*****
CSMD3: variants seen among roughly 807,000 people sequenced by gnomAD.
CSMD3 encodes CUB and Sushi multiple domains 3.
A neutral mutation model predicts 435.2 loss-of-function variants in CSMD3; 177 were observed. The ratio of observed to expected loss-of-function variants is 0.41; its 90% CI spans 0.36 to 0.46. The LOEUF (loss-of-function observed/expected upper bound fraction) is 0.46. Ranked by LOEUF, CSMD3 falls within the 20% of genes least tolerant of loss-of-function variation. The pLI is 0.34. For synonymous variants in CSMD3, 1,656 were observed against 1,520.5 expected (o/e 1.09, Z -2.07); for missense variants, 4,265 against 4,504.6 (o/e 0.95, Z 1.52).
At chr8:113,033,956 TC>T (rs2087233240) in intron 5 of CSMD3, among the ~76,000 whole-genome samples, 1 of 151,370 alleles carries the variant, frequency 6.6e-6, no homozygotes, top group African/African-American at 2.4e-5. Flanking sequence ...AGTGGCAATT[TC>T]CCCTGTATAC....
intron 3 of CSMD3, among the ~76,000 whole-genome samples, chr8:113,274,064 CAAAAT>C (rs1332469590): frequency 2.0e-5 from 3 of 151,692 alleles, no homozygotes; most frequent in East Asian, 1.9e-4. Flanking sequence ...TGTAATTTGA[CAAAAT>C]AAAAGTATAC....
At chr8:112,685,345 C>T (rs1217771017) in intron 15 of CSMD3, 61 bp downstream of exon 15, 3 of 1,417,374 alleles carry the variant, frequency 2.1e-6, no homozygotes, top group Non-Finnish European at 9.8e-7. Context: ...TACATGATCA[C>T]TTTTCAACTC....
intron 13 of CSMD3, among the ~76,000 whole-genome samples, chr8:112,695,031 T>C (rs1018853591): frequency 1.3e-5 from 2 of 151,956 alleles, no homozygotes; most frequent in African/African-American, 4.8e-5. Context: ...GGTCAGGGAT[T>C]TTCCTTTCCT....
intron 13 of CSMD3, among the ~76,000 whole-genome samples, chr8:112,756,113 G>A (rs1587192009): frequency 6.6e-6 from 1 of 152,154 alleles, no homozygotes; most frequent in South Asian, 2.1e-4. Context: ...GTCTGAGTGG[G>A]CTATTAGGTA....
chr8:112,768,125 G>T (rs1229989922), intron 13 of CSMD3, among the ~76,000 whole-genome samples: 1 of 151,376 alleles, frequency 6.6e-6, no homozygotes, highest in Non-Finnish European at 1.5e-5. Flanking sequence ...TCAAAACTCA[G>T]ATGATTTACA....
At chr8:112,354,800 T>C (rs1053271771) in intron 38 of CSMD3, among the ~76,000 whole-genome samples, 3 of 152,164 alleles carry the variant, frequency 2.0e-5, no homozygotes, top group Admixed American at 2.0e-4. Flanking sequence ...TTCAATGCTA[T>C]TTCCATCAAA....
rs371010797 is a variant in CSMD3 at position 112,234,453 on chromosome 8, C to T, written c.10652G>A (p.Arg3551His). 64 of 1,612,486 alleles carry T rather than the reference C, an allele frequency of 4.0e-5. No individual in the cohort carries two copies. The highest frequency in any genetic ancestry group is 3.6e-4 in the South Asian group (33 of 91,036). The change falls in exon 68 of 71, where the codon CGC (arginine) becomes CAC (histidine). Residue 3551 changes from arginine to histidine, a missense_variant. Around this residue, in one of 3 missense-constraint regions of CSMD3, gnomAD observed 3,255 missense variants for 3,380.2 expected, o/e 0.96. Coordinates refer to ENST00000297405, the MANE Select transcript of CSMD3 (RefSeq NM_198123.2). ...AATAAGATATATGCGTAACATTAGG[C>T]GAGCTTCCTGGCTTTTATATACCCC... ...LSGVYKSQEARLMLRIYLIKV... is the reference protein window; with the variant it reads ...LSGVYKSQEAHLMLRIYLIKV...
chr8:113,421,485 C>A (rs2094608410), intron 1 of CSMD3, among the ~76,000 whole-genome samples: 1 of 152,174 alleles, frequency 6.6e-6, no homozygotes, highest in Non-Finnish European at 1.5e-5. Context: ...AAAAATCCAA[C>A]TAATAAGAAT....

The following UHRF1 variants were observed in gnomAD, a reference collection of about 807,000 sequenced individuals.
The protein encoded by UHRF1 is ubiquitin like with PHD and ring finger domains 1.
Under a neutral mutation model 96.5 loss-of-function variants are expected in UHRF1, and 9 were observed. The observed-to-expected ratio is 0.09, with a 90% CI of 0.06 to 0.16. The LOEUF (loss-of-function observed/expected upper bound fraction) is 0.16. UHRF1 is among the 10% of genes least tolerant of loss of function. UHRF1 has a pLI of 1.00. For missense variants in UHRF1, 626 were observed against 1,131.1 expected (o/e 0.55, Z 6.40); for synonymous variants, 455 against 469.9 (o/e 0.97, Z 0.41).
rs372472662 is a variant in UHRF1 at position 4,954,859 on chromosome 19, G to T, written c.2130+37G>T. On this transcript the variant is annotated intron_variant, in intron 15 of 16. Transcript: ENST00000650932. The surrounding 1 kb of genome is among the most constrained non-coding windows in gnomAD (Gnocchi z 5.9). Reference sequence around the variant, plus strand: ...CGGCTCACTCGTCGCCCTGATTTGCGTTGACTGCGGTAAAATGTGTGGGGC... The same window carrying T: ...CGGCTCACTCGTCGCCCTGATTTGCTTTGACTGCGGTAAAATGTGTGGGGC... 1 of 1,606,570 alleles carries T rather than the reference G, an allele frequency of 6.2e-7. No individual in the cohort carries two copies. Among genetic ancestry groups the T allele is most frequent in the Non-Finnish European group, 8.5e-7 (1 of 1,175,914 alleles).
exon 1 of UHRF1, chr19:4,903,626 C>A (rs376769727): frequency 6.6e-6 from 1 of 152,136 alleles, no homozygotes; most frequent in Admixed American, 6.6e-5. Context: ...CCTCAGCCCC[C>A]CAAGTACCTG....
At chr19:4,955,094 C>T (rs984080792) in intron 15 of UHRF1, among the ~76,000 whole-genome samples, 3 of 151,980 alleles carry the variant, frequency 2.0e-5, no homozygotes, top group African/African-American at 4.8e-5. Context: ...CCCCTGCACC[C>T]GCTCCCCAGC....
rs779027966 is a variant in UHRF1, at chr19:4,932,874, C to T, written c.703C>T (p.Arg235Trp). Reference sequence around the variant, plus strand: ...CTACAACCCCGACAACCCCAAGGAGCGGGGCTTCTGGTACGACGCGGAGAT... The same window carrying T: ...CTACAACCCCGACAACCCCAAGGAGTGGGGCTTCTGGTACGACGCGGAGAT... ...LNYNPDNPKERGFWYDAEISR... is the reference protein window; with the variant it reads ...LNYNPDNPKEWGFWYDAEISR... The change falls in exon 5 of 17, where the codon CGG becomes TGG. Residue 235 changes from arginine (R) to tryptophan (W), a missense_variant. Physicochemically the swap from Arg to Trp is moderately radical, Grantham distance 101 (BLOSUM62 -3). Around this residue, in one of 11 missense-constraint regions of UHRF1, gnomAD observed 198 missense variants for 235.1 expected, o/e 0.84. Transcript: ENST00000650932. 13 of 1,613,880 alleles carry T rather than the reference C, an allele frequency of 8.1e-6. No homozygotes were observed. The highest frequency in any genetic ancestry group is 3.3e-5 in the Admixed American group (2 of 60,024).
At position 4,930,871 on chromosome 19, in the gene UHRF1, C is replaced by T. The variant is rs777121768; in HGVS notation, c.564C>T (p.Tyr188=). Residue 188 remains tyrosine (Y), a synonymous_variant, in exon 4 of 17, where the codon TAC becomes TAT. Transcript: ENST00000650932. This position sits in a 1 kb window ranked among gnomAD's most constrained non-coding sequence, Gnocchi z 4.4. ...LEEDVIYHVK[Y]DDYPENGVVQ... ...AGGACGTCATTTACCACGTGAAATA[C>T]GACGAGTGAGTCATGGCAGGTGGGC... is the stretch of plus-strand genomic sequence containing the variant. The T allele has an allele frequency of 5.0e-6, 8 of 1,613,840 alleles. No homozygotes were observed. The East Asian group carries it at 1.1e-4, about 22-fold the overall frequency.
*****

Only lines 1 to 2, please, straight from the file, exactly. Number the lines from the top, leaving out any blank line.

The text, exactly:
CSMD3: variants seen among roughly 807,000 people sequenced by gnomAD.
CSMD3 encodes CUB and Sushi multiple domains 3.